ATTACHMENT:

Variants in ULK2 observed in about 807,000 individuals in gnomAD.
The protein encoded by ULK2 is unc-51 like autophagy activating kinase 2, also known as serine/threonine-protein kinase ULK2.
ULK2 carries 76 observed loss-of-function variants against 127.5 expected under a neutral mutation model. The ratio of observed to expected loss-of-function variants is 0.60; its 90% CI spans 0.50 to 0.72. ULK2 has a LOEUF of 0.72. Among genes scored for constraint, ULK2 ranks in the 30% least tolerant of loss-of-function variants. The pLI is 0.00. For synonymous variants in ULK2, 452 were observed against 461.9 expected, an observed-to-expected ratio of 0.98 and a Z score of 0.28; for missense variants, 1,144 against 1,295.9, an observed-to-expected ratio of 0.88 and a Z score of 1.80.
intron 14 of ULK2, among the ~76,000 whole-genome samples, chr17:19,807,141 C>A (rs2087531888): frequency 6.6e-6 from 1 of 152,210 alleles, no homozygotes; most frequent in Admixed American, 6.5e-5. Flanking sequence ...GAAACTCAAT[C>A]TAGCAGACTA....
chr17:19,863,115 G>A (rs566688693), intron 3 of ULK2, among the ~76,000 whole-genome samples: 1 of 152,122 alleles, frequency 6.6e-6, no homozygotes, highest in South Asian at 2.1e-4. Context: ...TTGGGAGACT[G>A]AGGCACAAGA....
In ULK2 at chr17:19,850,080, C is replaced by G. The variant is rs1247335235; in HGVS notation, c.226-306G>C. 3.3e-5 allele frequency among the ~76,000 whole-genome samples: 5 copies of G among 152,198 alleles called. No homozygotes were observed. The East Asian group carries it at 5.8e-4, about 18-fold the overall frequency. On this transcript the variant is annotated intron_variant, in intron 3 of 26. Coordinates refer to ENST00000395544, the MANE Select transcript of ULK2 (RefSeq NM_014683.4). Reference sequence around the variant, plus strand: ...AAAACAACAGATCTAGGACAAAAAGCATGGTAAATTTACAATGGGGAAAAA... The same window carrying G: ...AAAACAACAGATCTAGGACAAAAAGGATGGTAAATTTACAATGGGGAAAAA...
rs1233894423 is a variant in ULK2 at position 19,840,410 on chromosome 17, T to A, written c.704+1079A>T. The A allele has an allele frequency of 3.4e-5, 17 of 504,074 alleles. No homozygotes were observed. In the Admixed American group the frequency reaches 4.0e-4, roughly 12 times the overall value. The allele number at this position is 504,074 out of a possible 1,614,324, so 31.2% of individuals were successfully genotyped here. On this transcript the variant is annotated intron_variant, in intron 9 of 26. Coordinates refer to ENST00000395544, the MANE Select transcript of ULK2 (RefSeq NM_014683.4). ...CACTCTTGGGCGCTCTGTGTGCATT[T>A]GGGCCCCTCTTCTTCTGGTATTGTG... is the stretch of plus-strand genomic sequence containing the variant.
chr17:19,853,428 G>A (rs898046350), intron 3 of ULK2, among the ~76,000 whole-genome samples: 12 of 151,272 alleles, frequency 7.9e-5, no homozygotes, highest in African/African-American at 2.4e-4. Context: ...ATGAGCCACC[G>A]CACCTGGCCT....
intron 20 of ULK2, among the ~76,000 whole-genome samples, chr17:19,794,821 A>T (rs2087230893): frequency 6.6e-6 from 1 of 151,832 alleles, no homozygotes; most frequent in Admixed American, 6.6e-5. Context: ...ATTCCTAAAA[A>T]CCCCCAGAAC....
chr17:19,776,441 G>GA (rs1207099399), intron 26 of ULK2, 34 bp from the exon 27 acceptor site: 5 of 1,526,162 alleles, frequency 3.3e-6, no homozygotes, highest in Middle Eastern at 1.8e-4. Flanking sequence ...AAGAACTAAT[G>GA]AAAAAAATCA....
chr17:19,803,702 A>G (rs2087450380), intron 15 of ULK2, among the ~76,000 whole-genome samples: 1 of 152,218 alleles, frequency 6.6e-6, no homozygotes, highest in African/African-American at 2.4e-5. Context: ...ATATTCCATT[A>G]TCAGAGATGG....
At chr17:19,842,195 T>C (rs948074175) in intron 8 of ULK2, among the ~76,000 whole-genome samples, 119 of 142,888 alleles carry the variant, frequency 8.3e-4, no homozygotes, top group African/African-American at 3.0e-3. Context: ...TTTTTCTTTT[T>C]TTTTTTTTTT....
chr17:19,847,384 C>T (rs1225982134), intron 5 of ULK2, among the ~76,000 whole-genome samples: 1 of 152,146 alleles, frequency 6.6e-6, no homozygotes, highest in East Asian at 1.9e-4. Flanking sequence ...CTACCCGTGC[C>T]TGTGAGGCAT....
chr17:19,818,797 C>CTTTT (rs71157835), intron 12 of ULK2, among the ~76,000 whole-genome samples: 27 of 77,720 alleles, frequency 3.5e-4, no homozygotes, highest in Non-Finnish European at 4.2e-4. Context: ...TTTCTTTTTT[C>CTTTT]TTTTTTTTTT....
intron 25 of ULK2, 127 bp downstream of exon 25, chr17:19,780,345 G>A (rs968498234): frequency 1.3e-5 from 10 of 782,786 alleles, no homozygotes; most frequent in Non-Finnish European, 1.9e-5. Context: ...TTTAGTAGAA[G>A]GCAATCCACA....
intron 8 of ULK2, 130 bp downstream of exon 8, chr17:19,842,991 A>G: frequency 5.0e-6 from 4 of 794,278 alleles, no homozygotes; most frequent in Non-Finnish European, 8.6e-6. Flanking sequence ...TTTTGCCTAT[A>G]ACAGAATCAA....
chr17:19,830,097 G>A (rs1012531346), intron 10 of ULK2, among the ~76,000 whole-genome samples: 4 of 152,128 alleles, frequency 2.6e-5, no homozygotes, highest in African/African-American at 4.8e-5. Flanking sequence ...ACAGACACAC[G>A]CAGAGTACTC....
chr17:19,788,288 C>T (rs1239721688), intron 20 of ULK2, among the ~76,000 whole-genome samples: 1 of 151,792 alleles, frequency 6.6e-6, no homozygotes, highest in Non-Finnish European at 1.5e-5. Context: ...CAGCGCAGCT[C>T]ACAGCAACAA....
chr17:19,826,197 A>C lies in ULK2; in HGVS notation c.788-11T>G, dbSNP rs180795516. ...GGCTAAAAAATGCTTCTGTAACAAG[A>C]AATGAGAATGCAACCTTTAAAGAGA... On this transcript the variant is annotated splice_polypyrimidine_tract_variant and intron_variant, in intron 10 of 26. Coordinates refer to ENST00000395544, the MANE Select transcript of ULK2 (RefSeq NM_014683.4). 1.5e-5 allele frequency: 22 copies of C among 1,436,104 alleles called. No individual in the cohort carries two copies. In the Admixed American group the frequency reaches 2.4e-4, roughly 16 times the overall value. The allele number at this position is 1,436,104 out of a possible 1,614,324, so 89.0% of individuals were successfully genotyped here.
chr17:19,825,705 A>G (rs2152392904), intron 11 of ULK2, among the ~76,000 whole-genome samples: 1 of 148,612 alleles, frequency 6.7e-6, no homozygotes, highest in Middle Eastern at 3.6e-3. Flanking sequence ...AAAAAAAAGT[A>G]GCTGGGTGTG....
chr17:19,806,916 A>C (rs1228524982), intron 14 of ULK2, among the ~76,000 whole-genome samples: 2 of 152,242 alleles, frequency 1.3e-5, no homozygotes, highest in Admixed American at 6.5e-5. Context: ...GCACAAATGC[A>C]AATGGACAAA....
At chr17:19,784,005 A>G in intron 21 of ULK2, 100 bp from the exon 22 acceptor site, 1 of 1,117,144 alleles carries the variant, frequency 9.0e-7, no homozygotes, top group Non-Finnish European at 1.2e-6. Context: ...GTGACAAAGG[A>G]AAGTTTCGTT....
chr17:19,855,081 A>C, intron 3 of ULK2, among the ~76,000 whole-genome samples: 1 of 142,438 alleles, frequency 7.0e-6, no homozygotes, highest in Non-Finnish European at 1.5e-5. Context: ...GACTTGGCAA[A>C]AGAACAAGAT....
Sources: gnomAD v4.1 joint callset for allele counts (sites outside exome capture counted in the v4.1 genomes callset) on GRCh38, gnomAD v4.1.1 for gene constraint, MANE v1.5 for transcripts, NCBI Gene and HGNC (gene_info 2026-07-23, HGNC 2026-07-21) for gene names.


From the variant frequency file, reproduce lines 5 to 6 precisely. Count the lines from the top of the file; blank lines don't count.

chr17:19,863,115 G>A (rs566688693), intron 3 of ULK2, among the ~76,000 whole-genome samples: 1 of 152,122 alleles, frequency 6.6e-6, no homozygotes, highest in South Asian at 2.1e-4. Context: ...TTGGGAGACT[G>A]AGGCACAAGA....
In ULK2 at chr17:19,850,080, C is replaced by G. The variant is rs1247335235; in HGVS notation, c.226-306G>C. 3.3e-5 allele frequency among the ~76,000 whole-genome samples: 5 copies of G among 152,198 alleles called. No homozygotes were observed. The East Asian group carries it at 5.8e-4, about 18-fold the overall frequency. On this transcript the variant is annotated intron_variant, in intron 3 of 26. Coordinates refer to ENST00000395544, the MANE Select transcript of ULK2 (RefSeq NM_014683.4). Reference sequence around the variant, plus strand: ...AAAACAACAGATCTAGGACAAAAAGCATGGTAAATTTACAATGGGGAAAAA... The same window carrying G: ...AAAACAACAGATCTAGGACAAAAAGGATGGTAAATTTACAATGGGGAAAAA...